Even though he only blew two save opportunities, he learned a lot those two games. It is often said you don't know what you have in a closer until you see how he reacts to that first blown save. Only then will you truly see how mentally tough that pitcher is and if he can handle the failure that comes with the job from time to time. Smith showed a lot of mental toughness shaking off the blown saves and going right back out there the next time and getting the job done.

"You know what, I think you just have to have a short term memory," said Smith. "Regardless, the sun is going to come up the next day. Someone once told me that when Mariano Rivero - who is obviously the best closer of all time - blows a save he is thinking about his next save once he crosses the white line. It's going to happen. Closing I think has a lot to do with your mentality and not necessarily the actual stuff that you have. Plus, knowing your manager has faith in you to put you back out there in the same situation when it comes up again says a lot."

Lake County Pitching Coach Tony Arnold was delighted to work with Smith all year, and he liked what he saw from his closer this season.

"His makeup makes him be able to handle the role he is in," said Arnold. "He has come out and saved a game or blown a save, but he comes right back through that door ready to get better the next day and is focused and he doesn't get down. He has the mentality you like to see in a kid like that."

Smith doesn't have great stuff per se as a pitcher. His fastball sits around 88-90 MPH, but he complements it with a very good changeup. He has an excellent feel for his changeup, and Indians personnel believe it will be a plus pitch for him in the near future. His best qualities though are his outstanding makeup and mental toughness, which is so important when pitching in the late innings of a close game.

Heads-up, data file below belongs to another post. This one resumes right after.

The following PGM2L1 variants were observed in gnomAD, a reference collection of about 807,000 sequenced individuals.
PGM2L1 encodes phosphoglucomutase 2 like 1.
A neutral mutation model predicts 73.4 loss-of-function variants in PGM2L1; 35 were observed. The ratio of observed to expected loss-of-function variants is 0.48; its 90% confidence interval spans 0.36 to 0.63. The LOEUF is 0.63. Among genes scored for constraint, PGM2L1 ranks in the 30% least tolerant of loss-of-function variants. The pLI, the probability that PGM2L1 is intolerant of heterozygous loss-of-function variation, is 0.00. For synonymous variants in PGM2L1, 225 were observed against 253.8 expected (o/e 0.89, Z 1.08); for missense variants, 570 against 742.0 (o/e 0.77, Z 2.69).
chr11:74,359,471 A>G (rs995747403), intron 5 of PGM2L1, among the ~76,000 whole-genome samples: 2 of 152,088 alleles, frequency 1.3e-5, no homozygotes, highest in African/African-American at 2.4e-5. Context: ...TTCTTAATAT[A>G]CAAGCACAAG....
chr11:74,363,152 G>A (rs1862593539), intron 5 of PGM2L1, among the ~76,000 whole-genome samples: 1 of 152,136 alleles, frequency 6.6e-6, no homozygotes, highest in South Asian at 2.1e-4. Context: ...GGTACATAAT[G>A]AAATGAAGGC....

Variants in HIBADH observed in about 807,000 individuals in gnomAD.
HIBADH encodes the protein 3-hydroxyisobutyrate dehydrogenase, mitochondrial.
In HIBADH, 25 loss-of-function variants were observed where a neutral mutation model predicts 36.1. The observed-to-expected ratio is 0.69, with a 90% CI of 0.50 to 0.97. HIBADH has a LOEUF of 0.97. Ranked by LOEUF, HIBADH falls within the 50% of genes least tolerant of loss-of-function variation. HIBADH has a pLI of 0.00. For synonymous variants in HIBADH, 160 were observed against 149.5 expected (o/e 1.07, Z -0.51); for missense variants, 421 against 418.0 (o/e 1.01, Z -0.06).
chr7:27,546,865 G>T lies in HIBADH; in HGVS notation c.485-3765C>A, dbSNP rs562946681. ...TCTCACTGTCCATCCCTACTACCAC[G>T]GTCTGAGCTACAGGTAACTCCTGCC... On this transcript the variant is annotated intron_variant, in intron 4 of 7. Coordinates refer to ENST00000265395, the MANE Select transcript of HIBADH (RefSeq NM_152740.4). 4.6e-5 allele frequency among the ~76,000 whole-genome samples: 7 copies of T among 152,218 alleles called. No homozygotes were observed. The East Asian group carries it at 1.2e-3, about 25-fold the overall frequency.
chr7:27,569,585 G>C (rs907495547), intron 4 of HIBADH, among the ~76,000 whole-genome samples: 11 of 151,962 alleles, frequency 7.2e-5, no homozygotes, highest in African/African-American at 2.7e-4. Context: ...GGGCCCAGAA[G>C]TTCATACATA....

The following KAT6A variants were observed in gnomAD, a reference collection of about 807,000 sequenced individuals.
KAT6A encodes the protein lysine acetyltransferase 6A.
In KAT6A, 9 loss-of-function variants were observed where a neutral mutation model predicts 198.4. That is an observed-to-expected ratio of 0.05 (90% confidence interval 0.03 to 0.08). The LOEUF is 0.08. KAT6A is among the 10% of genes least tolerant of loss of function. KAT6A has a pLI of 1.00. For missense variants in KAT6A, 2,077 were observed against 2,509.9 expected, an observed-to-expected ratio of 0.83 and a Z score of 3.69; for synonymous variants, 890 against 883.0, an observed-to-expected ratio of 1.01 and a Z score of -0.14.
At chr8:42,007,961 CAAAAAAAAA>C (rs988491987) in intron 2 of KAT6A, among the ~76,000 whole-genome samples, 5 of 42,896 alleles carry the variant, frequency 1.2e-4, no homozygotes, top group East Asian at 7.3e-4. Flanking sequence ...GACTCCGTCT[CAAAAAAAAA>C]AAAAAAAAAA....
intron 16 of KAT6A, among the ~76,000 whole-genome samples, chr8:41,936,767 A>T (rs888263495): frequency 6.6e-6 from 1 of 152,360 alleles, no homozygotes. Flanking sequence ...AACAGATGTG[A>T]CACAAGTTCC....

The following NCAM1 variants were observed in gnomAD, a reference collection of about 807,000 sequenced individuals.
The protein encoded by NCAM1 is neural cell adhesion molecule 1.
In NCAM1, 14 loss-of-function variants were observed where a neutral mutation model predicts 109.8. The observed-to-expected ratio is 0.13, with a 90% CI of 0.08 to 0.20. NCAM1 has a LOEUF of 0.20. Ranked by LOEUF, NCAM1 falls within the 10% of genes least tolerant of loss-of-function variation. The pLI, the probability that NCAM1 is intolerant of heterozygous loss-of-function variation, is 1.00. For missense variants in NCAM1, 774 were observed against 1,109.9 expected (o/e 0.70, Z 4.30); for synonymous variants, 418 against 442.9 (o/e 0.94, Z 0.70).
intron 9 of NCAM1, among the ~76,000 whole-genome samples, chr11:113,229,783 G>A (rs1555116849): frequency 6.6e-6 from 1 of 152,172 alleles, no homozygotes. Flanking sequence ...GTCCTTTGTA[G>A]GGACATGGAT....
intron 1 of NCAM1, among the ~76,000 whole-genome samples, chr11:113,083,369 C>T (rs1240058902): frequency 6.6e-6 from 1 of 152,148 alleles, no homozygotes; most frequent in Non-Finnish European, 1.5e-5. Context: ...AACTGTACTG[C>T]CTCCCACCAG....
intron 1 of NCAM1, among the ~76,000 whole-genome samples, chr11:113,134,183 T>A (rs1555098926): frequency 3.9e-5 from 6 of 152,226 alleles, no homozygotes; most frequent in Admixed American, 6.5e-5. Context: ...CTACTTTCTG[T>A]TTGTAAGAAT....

"Steve is a kid who is not real big, but he will still touch 90 MPH with his fastball," said Arnold. "His changeup is probably an average to plus pitch right now. I mean, he has a great feel for it and it is almost Doug Jones-ish. That is who he reminds me of, I mean Jones was a little bit bigger than Steve is now, but Doug pitched with his changeup and that is predominantly what Smitty [did] here. His changeup is what makes him who he is."

For Smith to become a better relief prospect he knows he needs to sharpen up his fastball command and develop another pitch. Guts and guile can only take you so far. If you lack put away stuff, you need to be a surgeon out there on the mound hitting your spots and throwing consistent, quality strikes. This is something he worked with Arnold on all season, and is something he will continue to hone in on in the offseason.

"My changeup has always been my pitch, but I had kind of lacked a little bit of fastball command and this year that is what I focused on more," said Smith. "I know I can get guys out with my changeup, but to be able to move up [in the system] I need to be able to develop my fastball command better because I don't throw hard. The changeup is only good when hitters have that threat of the fastball. It's about just being able to put it where I want to. Also, late in the season Tony and I [worked] on a cutter. That's really coming along well. So I just want to hone in on the cutter and be able to put it down and away from righties and down and in on lefties, and spot my fastball and put it exactly where I want to."